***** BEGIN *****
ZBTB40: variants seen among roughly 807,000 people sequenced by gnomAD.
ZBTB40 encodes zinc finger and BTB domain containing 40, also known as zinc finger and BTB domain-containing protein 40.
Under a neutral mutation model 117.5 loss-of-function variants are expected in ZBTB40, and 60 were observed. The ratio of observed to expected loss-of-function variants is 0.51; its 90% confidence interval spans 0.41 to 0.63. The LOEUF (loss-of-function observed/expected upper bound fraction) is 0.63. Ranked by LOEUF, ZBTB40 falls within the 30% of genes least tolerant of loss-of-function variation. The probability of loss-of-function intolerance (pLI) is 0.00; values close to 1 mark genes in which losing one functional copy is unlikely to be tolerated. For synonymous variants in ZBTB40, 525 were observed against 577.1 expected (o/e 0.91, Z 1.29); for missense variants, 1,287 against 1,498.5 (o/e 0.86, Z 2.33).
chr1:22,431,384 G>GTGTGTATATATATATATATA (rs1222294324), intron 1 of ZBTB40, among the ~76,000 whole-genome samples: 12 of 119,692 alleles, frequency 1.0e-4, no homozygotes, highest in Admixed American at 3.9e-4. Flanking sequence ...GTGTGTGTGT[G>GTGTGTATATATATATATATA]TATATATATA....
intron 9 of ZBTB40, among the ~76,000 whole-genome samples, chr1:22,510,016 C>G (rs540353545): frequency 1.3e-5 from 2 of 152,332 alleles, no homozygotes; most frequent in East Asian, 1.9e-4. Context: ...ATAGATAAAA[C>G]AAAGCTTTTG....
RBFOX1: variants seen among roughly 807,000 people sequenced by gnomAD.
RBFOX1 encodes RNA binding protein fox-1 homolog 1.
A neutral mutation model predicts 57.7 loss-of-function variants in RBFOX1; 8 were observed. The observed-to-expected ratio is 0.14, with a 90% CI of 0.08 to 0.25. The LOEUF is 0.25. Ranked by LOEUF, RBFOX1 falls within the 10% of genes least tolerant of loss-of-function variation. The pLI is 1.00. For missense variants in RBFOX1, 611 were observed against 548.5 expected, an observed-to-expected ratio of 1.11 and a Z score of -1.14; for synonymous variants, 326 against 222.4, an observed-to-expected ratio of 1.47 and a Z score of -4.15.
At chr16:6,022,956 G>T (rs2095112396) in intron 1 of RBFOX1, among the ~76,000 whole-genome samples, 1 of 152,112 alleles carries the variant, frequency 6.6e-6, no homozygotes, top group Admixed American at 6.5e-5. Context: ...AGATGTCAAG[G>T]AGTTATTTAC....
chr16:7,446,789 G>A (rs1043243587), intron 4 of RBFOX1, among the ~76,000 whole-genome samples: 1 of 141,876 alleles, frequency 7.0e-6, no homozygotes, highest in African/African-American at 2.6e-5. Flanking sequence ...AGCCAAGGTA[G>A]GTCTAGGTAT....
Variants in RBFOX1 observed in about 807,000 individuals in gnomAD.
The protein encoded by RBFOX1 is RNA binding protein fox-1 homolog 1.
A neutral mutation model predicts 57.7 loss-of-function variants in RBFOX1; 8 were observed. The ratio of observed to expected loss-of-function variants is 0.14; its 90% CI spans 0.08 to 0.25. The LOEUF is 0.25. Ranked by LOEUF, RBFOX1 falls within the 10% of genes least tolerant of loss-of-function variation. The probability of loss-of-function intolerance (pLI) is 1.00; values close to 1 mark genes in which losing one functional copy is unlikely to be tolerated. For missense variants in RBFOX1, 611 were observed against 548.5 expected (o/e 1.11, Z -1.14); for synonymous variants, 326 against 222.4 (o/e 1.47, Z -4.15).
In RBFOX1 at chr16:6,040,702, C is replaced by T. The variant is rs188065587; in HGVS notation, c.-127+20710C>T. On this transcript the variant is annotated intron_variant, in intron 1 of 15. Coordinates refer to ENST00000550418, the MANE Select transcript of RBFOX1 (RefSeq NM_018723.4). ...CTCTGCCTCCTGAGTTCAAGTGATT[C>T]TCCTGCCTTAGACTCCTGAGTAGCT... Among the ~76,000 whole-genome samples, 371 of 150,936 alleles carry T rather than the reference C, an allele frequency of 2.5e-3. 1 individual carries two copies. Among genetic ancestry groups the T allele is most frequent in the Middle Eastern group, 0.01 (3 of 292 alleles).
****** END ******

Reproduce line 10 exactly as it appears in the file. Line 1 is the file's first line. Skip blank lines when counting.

chr16:7,446,789 G>A (rs1043243587), intron 4 of RBFOX1, among the ~76,000 whole-genome samples: 1 of 141,876 alleles, frequency 7.0e-6, no homozygotes, highest in African/African-American at 2.6e-5. Flanking sequence ...AGCCAAGGTA[G>A]GTCTAGGTAT....